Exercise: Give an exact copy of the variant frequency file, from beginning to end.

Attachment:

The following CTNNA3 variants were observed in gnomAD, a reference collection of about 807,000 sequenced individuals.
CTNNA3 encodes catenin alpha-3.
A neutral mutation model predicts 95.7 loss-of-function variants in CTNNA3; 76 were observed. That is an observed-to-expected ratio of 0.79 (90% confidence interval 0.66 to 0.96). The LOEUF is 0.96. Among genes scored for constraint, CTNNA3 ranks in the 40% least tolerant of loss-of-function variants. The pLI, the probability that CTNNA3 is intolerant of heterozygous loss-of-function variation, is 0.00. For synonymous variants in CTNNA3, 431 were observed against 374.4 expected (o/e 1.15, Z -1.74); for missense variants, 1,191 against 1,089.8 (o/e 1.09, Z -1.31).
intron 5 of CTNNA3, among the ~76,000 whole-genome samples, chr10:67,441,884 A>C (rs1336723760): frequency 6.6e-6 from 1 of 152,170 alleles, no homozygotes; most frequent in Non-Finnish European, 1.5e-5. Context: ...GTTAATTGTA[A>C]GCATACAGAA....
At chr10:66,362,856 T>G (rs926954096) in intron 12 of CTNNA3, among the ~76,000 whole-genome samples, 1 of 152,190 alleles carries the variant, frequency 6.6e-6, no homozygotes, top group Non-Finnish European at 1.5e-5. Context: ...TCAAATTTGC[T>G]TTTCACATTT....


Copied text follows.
The following CTNNA3 variants were observed in gnomAD, a reference collection of about 807,000 sequenced individuals.
CTNNA3 encodes catenin alpha-3.
A neutral mutation model predicts 95.7 loss-of-function variants in CTNNA3; 76 were observed. That is an observed-to-expected ratio of 0.79 (90% confidence interval 0.66 to 0.96). The LOEUF is 0.96. Among genes scored for constraint, CTNNA3 ranks in the 40% least tolerant of loss-of-function variants. The pLI, the probability that CTNNA3 is intolerant of heterozygous loss-of-function variation, is 0.00. For synonymous variants in CTNNA3, 431 were observed against 374.4 expected (o/e 1.15, Z -1.74); for missense variants, 1,191 against 1,089.8 (o/e 1.09, Z -1.31).
intron 5 of CTNNA3, among the ~76,000 whole-genome samples, chr10:67,441,884 A>C (rs1336723760): frequency 6.6e-6 from 1 of 152,170 alleles, no homozygotes; most frequent in Non-Finnish European, 1.5e-5. Context: ...GTTAATTGTA[A>C]GCATACAGAA....
At chr10:66,362,856 T>G (rs926954096) in intron 12 of CTNNA3, among the ~76,000 whole-genome samples, 1 of 152,190 alleles carries the variant, frequency 6.6e-6, no homozygotes, top group Non-Finnish European at 1.5e-5. Context: ...TCAAATTTGC[T>G]TTTCACATTT....